While homeowners in high-risk flood zones can expect some measure of Congressional backtracking on the Biggert-Waters Flood Insurance Reform Act of 2012, there’s no such reprieve in store for businesses in high-risk flood zones – the phase out of below-market rates for flood insurance began Oct. 1, 2013 and remain in place. Businesses of all shapes and sizes in communities across the country may find themselves in a state of sticker shock, just like this Fort Myers, FL business owner profiled in a FOX 4 News report.
When Jacki Liszak opened her flood insurance bill in October, nothing could have prepared her for the numbers she saw. Her premium, which had been $2,700, now showed $47,000– a 1,640 percent increase.
Four months ago, Liszak told Fox 4 she wasn’t sure how she was going to proceed because she couldn’t afford the premium.
“To have such an increase in one year’s time with no warning…. it’s unconscionable. I don’t even have words for it because it’s so shocking,” Liszak said.
Commercial property, second and rental homes and properties with severe or repetitive flooding are excluded from the proposed Homeowner Insurance Affordability Act of 2013 (a relief bill delaying rate increases for four years) and are subject to increases until rates are unsubsidized – in theory, commensurate with the level of actual flood risk.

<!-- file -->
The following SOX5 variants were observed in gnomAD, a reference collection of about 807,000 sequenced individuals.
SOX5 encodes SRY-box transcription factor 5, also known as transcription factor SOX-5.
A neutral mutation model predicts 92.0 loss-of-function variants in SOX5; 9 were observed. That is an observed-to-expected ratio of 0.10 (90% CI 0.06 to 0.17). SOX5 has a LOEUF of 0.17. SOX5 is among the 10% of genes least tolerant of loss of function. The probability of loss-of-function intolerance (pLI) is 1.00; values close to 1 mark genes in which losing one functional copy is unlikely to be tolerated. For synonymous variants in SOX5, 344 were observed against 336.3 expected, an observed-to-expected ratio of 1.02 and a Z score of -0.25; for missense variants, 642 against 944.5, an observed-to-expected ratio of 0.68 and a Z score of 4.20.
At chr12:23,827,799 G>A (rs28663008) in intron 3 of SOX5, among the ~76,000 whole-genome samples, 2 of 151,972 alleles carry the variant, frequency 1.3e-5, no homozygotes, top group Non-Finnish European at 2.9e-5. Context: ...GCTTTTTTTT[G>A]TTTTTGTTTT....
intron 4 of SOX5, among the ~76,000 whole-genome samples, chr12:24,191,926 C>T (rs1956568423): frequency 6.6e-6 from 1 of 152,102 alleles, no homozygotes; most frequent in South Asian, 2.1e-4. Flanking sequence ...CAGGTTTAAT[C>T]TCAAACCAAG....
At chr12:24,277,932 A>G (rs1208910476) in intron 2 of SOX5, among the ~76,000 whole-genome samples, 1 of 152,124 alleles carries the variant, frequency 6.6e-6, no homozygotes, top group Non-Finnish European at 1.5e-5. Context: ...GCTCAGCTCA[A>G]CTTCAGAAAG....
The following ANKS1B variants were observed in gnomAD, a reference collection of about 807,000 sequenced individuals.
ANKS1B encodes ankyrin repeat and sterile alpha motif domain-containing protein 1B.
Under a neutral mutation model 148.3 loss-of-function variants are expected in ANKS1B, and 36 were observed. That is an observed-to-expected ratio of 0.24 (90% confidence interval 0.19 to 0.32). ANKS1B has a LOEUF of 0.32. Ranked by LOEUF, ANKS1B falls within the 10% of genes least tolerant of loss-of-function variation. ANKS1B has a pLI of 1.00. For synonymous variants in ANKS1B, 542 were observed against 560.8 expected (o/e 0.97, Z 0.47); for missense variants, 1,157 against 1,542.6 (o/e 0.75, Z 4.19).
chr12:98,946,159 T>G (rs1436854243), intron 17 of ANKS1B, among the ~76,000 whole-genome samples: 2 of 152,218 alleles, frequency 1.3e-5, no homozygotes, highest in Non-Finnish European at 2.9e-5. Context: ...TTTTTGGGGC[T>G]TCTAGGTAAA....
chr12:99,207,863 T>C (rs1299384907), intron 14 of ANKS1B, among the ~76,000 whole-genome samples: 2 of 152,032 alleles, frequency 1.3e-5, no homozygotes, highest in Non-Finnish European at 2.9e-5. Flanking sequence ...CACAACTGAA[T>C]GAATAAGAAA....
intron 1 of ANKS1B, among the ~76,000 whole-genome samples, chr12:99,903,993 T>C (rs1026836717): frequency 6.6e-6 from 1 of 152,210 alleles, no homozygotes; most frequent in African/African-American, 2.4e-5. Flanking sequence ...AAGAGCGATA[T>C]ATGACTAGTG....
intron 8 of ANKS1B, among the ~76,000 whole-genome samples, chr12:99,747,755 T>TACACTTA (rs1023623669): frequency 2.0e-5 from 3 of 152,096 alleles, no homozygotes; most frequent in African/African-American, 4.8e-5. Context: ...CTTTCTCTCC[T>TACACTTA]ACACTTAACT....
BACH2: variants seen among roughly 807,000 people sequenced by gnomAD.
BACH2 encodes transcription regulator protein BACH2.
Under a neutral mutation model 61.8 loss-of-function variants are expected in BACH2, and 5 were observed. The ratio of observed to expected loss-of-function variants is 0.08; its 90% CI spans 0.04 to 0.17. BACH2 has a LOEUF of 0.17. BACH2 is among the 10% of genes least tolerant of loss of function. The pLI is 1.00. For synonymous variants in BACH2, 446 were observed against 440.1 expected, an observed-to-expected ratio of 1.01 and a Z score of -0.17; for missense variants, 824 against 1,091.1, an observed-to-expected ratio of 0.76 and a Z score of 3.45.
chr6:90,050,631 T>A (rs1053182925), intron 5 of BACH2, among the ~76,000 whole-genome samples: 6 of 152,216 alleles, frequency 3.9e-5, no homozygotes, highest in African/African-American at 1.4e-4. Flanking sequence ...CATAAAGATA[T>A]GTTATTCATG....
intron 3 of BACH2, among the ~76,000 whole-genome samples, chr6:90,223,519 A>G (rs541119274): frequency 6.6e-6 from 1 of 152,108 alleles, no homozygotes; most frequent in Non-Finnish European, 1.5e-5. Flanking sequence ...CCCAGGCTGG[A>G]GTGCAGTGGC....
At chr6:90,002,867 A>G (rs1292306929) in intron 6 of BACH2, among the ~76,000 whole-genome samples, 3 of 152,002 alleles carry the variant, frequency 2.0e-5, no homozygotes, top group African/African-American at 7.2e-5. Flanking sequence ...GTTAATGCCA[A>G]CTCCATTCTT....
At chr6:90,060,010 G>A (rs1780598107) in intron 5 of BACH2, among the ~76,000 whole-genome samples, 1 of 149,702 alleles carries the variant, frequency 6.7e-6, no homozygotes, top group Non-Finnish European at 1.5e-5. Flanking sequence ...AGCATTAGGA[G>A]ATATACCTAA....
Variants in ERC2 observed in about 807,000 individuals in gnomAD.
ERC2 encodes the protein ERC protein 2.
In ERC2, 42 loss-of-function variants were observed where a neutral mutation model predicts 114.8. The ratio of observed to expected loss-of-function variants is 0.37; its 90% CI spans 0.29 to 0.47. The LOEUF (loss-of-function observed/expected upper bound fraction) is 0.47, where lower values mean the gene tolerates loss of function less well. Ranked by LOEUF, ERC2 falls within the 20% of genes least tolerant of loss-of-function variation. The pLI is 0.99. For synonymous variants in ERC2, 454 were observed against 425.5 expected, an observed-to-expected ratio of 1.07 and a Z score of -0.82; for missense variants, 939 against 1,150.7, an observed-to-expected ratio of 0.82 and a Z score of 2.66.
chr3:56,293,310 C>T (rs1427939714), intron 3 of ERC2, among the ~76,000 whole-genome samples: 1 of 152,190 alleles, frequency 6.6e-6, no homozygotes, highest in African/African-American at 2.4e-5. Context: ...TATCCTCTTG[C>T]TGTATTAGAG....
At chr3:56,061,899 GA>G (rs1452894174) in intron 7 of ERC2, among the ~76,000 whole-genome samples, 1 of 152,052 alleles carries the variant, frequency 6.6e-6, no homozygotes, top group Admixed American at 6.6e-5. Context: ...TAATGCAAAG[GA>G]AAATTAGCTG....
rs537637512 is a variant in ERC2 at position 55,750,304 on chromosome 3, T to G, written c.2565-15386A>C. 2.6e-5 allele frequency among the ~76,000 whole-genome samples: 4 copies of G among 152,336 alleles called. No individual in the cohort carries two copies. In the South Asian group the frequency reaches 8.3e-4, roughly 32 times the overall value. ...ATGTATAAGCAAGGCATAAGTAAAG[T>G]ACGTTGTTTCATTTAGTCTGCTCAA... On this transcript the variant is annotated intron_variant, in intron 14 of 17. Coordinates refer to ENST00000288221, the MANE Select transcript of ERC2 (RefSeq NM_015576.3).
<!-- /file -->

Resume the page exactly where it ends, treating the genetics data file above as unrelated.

If you own, manage or represent commercial property, be diligent about flood risk:
- Stay informed of flood insurance rate map changes in your area.
- Contact your legislative representatives and tell them unequal treatment of property owners is unacceptable.
- Conduct a flood risk evaluation, a proactive strategy to mitigate flood risk, protect the real estate investment and verify whether or not the structure is built to minimize the risk of flooding.
For more information, including a complimentary flood risk evaluation performed by an expert team of flood risk professionals, complete this form.